Ted Strauss and His Bank Join the Holding Pattern

Free spirit sells out to free enterprise

Here in the land of the holding company, the independent banker has a peculiar plight: If successful, he quickly outgrows his own independence. Consider the case of Ted Strauss and his very successful United National Bank.

Four years ago, Strauss obtained a charter for an independent bank to serve down-town Dallas. At the time, First National and Republic (both owned by large holding companies) controlled 80 percent of the downtown bank deposits. No new bank had dared enter the market in ten years; many doubted that an independent bank could compete with the tremendous assets of the holding companies. Strauss was making a bold move, and he played the adventurer’s role to the hilt, touting the opportunity for an independent alternative.

During the last four years, Strauss’ United National has done exceptionally well, growing into a $67-million bank, mostly by serving mid-sized corporate customers. But in the last year. United has been going after corporations so large that the bank was hard-pressed to handle their business, United’s loan limit being just too small for many big-time Texas corporations. “We were like a 16-year-old,” says Strauss, “too old to be a boy and too young to be a man.”

Conditions began changing at the bank. United’s president, J. W. Smith, resigned after a tiff with Strauss, and its executive vice president, Lamar Ealy, left for greener pastures. Strauss was left alone at the top as United reached the practical limits on the speed of its growth as an independent bank. He decided to sell out. Strauss opted to join the holding company movement and recently announced that United National hopes to merge with First City (downtown’s fourth largest bank, formerly Texas Bank). IT the merger is approved, United will become part of First City Bancorpora-tion, a holding company headquartered in Houston.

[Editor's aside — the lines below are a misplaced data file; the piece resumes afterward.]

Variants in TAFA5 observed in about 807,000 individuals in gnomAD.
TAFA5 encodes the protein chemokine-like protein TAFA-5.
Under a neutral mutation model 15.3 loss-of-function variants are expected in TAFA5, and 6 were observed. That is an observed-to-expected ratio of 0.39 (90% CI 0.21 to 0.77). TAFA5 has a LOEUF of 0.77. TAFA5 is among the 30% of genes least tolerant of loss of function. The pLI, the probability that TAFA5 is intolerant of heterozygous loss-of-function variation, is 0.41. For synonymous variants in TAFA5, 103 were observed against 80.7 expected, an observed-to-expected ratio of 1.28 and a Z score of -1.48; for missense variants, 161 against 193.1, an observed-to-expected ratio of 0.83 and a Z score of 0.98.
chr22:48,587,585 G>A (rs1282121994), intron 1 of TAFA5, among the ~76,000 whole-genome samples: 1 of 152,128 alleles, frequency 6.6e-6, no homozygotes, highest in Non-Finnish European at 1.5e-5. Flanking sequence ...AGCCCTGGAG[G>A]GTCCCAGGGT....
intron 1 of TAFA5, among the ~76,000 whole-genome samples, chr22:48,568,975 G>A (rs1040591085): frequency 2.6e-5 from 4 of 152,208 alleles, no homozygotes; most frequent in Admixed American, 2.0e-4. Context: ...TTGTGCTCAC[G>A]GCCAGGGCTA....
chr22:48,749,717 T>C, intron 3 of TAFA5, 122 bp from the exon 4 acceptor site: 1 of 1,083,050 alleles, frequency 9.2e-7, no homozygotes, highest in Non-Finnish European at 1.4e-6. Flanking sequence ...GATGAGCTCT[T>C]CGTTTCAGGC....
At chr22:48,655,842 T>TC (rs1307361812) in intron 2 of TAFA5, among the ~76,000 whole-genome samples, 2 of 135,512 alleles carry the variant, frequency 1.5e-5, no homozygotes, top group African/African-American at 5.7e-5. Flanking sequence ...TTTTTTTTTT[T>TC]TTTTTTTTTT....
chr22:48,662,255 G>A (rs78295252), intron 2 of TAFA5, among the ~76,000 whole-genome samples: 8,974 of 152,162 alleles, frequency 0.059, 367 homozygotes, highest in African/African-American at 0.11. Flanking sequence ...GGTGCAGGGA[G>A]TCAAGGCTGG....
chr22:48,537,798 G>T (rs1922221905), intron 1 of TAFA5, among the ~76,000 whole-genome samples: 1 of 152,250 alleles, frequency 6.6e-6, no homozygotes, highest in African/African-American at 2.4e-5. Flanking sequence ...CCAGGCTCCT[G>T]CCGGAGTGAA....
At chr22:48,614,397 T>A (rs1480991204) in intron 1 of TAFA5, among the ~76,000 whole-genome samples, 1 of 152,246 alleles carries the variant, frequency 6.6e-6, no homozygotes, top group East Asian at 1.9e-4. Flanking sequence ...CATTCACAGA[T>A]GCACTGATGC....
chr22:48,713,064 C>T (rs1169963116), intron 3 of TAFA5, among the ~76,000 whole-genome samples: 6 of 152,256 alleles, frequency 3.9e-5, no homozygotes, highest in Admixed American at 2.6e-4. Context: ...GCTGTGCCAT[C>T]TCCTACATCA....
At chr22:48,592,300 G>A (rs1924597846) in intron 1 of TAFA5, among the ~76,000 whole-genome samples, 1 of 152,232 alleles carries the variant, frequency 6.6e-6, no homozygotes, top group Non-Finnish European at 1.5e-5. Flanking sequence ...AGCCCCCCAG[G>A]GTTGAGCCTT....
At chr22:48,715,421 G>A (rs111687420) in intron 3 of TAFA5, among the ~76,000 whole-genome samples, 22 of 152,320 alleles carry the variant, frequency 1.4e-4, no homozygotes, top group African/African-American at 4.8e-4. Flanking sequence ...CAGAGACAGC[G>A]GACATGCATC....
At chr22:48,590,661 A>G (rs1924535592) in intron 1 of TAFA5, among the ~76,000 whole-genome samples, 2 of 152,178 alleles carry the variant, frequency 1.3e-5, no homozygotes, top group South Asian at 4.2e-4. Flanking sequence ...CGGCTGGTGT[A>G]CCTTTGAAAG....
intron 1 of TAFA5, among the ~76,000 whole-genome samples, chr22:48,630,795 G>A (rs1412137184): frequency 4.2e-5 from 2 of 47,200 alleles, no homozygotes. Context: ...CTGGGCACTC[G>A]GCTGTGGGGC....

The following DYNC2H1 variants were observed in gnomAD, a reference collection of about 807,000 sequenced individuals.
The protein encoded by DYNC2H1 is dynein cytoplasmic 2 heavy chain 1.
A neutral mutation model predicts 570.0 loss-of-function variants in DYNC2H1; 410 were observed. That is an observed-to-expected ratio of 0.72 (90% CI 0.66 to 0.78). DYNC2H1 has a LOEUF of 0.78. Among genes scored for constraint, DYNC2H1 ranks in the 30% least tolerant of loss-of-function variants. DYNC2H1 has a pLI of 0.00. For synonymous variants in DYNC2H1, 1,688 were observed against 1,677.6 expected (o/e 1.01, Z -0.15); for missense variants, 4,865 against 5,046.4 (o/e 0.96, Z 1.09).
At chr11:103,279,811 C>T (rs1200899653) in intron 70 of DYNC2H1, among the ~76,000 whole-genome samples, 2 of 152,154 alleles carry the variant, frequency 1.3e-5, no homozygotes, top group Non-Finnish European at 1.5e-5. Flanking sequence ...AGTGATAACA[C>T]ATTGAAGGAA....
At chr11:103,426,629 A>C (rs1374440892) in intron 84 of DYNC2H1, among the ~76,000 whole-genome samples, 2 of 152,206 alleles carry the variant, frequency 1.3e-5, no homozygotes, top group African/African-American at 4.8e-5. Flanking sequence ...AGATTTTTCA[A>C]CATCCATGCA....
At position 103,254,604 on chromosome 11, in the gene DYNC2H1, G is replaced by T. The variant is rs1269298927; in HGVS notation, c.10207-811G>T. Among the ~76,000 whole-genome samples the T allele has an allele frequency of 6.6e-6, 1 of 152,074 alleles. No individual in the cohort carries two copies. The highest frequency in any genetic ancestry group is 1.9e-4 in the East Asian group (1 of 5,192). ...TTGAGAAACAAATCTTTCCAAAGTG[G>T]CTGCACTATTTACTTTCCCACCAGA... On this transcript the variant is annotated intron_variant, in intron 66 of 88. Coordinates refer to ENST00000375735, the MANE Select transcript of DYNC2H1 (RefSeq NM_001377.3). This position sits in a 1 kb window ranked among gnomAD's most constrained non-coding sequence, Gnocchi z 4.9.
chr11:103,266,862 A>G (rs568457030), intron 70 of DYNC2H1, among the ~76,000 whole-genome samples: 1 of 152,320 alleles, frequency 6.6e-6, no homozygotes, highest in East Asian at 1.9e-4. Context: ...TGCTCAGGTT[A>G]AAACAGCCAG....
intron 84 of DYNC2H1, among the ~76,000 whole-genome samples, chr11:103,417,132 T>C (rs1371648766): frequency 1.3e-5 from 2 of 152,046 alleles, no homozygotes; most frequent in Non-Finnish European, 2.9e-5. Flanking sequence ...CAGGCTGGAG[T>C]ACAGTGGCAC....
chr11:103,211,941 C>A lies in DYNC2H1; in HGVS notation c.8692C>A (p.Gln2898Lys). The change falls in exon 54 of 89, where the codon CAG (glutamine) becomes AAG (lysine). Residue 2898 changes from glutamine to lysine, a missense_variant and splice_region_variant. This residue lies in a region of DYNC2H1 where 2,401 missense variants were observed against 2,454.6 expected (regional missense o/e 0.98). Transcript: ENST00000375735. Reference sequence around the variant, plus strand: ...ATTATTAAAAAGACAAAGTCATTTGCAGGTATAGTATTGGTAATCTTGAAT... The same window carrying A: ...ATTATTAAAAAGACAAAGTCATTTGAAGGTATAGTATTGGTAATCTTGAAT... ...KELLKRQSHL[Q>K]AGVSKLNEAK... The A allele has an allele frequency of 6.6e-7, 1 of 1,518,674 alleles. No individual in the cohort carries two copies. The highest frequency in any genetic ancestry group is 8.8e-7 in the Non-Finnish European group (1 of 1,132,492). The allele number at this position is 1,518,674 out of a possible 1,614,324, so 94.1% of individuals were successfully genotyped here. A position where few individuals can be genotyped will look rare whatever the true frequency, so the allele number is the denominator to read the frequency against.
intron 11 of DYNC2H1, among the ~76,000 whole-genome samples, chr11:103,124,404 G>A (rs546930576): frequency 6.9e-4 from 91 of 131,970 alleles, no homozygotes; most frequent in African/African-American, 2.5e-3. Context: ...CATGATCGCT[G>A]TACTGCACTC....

Among those profiting from the end of independence is a group of 20 investors (headed by LTV chairman Paul Thay-er and Texas Oil & Gas honorary chairman Louis Beecherl), which recently purchased 200,000 shares of newly issued United stock, just before Strauss quietly negotiated the merger. Their new First City stock will produce a nifty 27 percent profit. “They were at the right place at the right time,” Strauss quips. The big winner, though, is Ted Strauss. If the merger is approved, Strauss will vault from the chairmanship of his $67-mil-lion bank to the chairmanship of the newly merged $400-million bank, bumping aside First City’s current chairman, James Denton. And Strauss has reportedly won a very lucrative contract from the holding company. Maybe the plight of the independent banker just isn’t all that sad.

Heard on the Street…

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… In the midst of Ranger baseball fever, we’ve heard several good Cowboy barroom rumors lately. (You can take them or leave them.) Such as, that plain-living Roger Staubach is building a new house with seven bath-rooms and a copper roof. Or that the Pokes are worried about their offensive line and have hinted that guard Burton Lawless might be available in trade for a high #1 draft pick. But our favorite one: Tom Landry will hang up his cleats after a few more seasons to become a senatorial candidate in 1982 for Lloyd Bentsen’s seat.



… In case you’re wondering, that big white ranch house belonging to oilman Jock Ewing on the CBS “Dallas” series is the real life Frisco, Texas home of Dallas oilman Cloyce Box.



. . . The recent promotion of Ward Huey to executive vice-president of Belo Broadcasting (Channel 8, etc.) makes him heir apparent to president Mike Shapiro. However, it may be a while before the energetic Shapiro steps down – he and Belo are presently looking to buy another major television station, one in a medium-sized market somewhat smaller than Dallas.



. . . Most close observers say that Nolan Estes’ recent talk of candidacy for a Carter cabinet post (as Secretary of Education) is his latest phase of well-crafted personal politics – and aimed at the top. His new job at UT-Austin will give the necessary “’higher education” credentials; and though Estes has claimed business conflicts with the cabinet post, one associate says frankly, “If Jimmy Carter gives him a call, I can’t imagine Estes saying no.”



. . . Former entertainment writer and jack-of-all-arts at the Times Herald, Don Safran is now living in L.A. working as a screenwriter. We’re told that the upcoming fall pilot television season may find his work on the airwaves.

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